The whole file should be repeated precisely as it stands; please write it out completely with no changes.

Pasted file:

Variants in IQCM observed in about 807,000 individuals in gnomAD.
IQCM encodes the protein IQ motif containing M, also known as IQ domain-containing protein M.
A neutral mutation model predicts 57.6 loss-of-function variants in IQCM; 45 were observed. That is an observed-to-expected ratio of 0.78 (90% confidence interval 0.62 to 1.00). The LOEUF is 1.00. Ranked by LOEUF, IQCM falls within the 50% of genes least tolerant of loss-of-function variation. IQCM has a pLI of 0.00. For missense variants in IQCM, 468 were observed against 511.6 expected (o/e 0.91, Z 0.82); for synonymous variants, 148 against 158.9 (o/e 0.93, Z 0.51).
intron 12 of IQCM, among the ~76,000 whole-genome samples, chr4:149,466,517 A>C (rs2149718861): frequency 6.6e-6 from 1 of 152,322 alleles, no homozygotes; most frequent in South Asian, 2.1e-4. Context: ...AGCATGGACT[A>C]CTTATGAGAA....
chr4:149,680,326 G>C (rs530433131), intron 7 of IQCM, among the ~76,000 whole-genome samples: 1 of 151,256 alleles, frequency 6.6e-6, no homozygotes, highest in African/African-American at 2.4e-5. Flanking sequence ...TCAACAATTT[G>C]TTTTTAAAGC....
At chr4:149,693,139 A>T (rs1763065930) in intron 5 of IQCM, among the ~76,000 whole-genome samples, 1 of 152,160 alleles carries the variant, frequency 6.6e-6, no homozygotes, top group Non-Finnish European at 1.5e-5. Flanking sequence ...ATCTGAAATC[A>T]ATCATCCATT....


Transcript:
Variants in IQCM observed in about 807,000 individuals in gnomAD.
IQCM encodes the protein IQ motif containing M, also known as IQ domain-containing protein M.
A neutral mutation model predicts 57.6 loss-of-function variants in IQCM; 45 were observed. That is an observed-to-expected ratio of 0.78 (90% confidence interval 0.62 to 1.00). The LOEUF is 1.00. Ranked by LOEUF, IQCM falls within the 50% of genes least tolerant of loss-of-function variation. IQCM has a pLI of 0.00. For missense variants in IQCM, 468 were observed against 511.6 expected (o/e 0.91, Z 0.82); for synonymous variants, 148 against 158.9 (o/e 0.93, Z 0.51).
intron 12 of IQCM, among the ~76,000 whole-genome samples, chr4:149,466,517 A>C (rs2149718861): frequency 6.6e-6 from 1 of 152,322 alleles, no homozygotes; most frequent in South Asian, 2.1e-4. Context: ...AGCATGGACT[A>C]CTTATGAGAA....
chr4:149,680,326 G>C (rs530433131), intron 7 of IQCM, among the ~76,000 whole-genome samples: 1 of 151,256 alleles, frequency 6.6e-6, no homozygotes, highest in African/African-American at 2.4e-5. Flanking sequence ...TCAACAATTT[G>C]TTTTTAAAGC....
At chr4:149,693,139 A>T (rs1763065930) in intron 5 of IQCM, among the ~76,000 whole-genome samples, 1 of 152,160 alleles carries the variant, frequency 6.6e-6, no homozygotes, top group Non-Finnish European at 1.5e-5. Flanking sequence ...ATCTGAAATC[A>T]ATCATCCATT....